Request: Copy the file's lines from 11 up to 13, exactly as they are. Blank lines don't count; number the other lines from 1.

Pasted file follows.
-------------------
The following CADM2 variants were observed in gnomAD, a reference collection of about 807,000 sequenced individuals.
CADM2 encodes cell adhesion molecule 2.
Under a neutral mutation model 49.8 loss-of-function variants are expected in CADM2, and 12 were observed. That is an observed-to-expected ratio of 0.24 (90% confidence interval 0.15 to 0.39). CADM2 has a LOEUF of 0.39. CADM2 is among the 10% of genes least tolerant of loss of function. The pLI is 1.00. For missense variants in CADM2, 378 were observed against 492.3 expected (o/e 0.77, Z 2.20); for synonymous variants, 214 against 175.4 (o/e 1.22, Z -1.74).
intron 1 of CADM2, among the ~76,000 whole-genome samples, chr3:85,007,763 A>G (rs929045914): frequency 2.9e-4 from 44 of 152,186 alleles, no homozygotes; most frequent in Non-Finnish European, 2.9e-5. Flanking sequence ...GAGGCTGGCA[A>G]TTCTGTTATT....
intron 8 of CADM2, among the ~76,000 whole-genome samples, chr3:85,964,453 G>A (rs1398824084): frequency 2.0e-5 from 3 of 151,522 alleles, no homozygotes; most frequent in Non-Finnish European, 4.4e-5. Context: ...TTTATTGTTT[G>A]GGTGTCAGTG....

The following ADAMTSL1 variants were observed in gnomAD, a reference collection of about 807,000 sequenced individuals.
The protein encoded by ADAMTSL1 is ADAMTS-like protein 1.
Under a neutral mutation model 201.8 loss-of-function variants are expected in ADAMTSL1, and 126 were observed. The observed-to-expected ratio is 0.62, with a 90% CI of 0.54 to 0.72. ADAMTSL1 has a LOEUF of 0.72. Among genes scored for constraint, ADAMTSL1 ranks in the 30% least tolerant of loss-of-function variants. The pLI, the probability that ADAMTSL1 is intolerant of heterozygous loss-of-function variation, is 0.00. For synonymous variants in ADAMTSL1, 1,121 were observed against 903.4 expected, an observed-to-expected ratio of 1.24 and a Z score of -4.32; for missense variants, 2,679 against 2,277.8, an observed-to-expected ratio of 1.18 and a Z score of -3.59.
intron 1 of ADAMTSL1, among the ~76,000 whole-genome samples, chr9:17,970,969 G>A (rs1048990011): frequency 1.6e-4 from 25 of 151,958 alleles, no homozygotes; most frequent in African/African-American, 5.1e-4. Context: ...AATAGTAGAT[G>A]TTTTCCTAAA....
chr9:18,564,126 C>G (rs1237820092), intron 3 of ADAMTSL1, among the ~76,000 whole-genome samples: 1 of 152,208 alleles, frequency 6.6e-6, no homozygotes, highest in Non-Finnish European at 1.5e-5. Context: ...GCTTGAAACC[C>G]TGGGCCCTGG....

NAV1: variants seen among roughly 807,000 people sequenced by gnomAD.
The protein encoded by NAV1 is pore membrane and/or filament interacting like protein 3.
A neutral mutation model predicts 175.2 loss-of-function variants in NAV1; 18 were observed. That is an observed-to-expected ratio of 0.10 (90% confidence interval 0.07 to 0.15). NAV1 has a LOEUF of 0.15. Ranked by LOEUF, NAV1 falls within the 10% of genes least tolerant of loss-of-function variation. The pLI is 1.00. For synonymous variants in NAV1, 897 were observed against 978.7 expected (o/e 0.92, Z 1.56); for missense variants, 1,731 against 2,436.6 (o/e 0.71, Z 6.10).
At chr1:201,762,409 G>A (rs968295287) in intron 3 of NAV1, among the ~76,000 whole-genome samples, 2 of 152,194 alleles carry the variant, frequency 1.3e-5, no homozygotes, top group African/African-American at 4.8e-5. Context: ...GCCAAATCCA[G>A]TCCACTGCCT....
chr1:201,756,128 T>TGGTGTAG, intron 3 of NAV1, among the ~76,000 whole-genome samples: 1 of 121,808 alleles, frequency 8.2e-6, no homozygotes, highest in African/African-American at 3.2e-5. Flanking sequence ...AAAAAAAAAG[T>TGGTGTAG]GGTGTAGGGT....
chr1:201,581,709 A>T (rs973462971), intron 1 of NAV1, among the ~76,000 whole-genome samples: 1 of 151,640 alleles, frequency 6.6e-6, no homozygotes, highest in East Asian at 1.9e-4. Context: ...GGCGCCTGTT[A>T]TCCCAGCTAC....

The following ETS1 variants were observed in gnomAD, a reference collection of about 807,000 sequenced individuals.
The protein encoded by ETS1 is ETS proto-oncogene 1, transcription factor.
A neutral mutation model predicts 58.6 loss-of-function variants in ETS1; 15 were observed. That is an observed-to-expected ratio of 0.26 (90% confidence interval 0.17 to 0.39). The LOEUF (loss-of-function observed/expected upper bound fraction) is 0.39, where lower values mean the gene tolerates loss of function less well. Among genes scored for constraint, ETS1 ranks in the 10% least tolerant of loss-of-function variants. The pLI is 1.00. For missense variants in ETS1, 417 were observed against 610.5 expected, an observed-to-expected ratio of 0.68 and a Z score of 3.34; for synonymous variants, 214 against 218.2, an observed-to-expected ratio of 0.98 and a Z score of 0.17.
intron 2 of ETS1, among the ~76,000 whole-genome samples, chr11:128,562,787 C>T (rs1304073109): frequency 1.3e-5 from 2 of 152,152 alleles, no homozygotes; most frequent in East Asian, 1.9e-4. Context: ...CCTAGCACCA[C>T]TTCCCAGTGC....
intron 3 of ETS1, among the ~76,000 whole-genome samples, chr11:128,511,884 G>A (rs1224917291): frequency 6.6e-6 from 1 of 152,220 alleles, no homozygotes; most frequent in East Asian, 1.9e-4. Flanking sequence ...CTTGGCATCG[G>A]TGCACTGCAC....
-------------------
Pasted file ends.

NAV1: variants seen among roughly 807,000 people sequenced by gnomAD.
The protein encoded by NAV1 is pore membrane and/or filament interacting like protein 3.
A neutral mutation model predicts 175.2 loss-of-function variants in NAV1; 18 were observed. That is an observed-to-expected ratio of 0.10 (90% confidence interval 0.07 to 0.15). NAV1 has a LOEUF of 0.15. Ranked by LOEUF, NAV1 falls within the 10% of genes least tolerant of loss-of-function variation. The pLI is 1.00. For synonymous variants in NAV1, 897 were observed against 978.7 expected (o/e 0.92, Z 1.56); for missense variants, 1,731 against 2,436.6 (o/e 0.71, Z 6.10).